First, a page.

The Daily Item, Sunbury, PA


November 28, 2013

Writing challenges a chance for new chapter at work

QUESTION: People have been telling me that I don’t write well enough, and I am kind of insulted by it. I think I do OK and don’t really need to be better for the kind of work I do. How can I handle this?

ANSWER: Be grateful for the feedback, and start building your skills right away.

First, settle down a bit. Take some deep breaths, and let go of any anger. It can be difficult to hear that you need to be better at something, but don’t take it personally. In fact, it’s generous of people to be that invested in your success and to take the time to share their perspective.

Now, focus on your writing skills. What specific issues have been pointed out? Your course of action will depend on the need. For example, are your mechanics, such as punctuation, weak? It could be a matter of structure - whether you communicate your point clearly and directly. Or it could pertain to the salience of your content.

Consider your audiences. Most people in business are at least sending regular emails; you may also be preparing status reports or other project documents. Do you understand what your intended recipients need in each item you send?

Think about your career goals. Are you achieving the success you’d like in your current role? Do you hope to be promoted, perhaps moving into management? Communication skills, including writing, will be key.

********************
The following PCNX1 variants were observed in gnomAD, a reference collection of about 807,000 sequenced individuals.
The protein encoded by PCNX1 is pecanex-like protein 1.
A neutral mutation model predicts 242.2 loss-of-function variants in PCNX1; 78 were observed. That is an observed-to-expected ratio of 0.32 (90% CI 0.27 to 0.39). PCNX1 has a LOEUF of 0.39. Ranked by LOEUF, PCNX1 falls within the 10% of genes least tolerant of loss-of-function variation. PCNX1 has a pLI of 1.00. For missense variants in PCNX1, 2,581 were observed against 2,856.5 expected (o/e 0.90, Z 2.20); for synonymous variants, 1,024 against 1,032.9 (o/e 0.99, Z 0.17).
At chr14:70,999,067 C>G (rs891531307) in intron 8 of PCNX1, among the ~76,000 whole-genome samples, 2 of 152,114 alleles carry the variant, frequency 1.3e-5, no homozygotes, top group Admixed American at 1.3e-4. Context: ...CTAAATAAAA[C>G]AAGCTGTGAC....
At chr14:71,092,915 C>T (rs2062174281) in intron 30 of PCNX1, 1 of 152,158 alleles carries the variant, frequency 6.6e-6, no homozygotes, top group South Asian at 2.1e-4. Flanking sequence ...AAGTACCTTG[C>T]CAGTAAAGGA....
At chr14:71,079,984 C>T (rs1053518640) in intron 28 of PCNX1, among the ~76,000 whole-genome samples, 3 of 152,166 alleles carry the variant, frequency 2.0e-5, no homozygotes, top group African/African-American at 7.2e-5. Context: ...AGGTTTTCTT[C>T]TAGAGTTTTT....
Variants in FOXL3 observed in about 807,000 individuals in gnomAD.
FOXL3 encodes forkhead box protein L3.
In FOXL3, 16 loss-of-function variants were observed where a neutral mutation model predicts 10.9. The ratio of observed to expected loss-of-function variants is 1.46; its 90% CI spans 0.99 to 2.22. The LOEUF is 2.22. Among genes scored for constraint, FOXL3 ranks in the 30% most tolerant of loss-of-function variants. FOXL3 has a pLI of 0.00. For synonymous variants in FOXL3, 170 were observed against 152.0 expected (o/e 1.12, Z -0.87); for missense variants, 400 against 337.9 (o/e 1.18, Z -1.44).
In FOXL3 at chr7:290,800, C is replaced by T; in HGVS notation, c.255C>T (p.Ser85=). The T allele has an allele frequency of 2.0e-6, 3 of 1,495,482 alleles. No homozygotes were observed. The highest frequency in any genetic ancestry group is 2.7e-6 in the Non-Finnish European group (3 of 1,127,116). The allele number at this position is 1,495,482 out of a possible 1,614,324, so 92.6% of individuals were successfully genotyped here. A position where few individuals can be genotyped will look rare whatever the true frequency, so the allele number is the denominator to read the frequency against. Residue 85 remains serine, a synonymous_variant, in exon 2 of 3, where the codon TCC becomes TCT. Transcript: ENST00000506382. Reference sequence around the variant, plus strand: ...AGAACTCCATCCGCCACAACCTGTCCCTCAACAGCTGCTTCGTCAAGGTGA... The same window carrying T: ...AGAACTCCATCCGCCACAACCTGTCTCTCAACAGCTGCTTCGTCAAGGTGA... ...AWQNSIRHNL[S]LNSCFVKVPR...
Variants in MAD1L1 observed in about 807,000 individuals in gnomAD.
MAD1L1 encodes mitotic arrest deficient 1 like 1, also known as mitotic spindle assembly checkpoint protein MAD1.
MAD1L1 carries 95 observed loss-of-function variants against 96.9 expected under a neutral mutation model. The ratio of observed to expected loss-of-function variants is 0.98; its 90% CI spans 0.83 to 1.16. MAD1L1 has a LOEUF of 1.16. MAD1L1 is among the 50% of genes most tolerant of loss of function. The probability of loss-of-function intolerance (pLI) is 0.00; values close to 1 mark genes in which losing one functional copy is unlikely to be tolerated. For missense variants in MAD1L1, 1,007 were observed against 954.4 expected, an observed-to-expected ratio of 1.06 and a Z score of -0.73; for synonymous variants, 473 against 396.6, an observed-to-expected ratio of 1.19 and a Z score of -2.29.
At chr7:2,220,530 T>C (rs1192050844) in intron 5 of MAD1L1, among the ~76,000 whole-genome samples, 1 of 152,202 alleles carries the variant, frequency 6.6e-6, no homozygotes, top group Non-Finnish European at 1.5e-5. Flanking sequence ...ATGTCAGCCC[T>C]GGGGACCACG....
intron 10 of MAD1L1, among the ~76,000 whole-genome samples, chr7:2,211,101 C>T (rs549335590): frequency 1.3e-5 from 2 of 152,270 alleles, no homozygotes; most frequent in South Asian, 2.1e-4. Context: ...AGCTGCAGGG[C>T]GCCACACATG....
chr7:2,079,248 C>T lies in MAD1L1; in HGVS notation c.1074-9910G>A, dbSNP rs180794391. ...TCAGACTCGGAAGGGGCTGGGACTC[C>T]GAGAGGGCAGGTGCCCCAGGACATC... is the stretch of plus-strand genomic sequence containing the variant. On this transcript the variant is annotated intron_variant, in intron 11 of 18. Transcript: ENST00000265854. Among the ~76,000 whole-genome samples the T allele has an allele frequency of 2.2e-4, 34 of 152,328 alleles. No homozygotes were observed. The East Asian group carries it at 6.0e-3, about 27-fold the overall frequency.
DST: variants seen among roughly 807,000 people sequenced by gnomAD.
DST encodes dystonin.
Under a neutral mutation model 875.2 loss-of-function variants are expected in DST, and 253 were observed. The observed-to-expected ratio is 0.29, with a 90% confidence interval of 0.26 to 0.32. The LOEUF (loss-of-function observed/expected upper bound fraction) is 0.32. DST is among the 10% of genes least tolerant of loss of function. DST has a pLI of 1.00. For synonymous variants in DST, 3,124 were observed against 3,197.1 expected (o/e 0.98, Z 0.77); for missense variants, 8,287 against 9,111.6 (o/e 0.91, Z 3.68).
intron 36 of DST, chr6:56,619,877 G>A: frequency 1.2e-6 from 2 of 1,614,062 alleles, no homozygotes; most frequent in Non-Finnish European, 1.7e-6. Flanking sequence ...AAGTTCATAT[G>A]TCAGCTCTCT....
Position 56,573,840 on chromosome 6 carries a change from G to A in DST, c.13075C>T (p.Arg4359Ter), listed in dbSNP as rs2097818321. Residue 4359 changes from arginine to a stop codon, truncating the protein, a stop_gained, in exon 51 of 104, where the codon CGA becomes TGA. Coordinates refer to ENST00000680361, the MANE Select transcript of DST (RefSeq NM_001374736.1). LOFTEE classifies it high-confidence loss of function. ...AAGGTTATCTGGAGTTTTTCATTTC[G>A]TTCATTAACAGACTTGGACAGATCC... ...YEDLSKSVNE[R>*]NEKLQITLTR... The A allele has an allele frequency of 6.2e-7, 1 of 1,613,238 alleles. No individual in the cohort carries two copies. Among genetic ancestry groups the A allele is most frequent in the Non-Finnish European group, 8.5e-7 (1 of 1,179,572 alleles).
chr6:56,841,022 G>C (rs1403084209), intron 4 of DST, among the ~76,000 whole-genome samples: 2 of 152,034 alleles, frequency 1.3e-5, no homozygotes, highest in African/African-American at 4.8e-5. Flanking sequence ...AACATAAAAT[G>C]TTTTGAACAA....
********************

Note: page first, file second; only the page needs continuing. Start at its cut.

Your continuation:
Finally, if you’re still resistant to the idea of improving your writing, ask yourself what that’s about. Insecurity may be undermining your ability to grow and progress, so make the effort to think it through.

Start by making a plan. If you don’t know where to start, your first step is to explore the feedback you’ve received in more depth. With an open mind, go back to folks who have offered opinions to get more detail.

Also ask your boss or someone who has strong writing skills to review some of your documents.

There are some general steps that will help you.

-Before you start writing anything, be clear on your purpose for writing it. For example, if you need a decision, write a document that is structured to help the reader make a decision.

-Use a checklist for mechanical issues. You can find them online, or develop your own to address your own quirks.

-Get a mentor who will review your writing, even mundane items, so that you can improve your skills and avoid mistakes.

-Read! It’s one of the best ways to develop as a writer.

Stay upbeat about it - there’s no sin in having areas for improvement. Notice your successes and find ways to celebrate them that help you keep motivated. And be sure to ask for feedback again so that those around you notice the steps you’ve taken.

Writing is important; however, continuing to develop new skills throughout your career is even more so. Let this just be the start of ongoing learning.

Liz Reyer is a credentialed coach with more than 20 years of business experience. Her company, Reyer Coaching & Consulting, offers services for organizations of all sizes. Submit questions or comments about this column at or email her at


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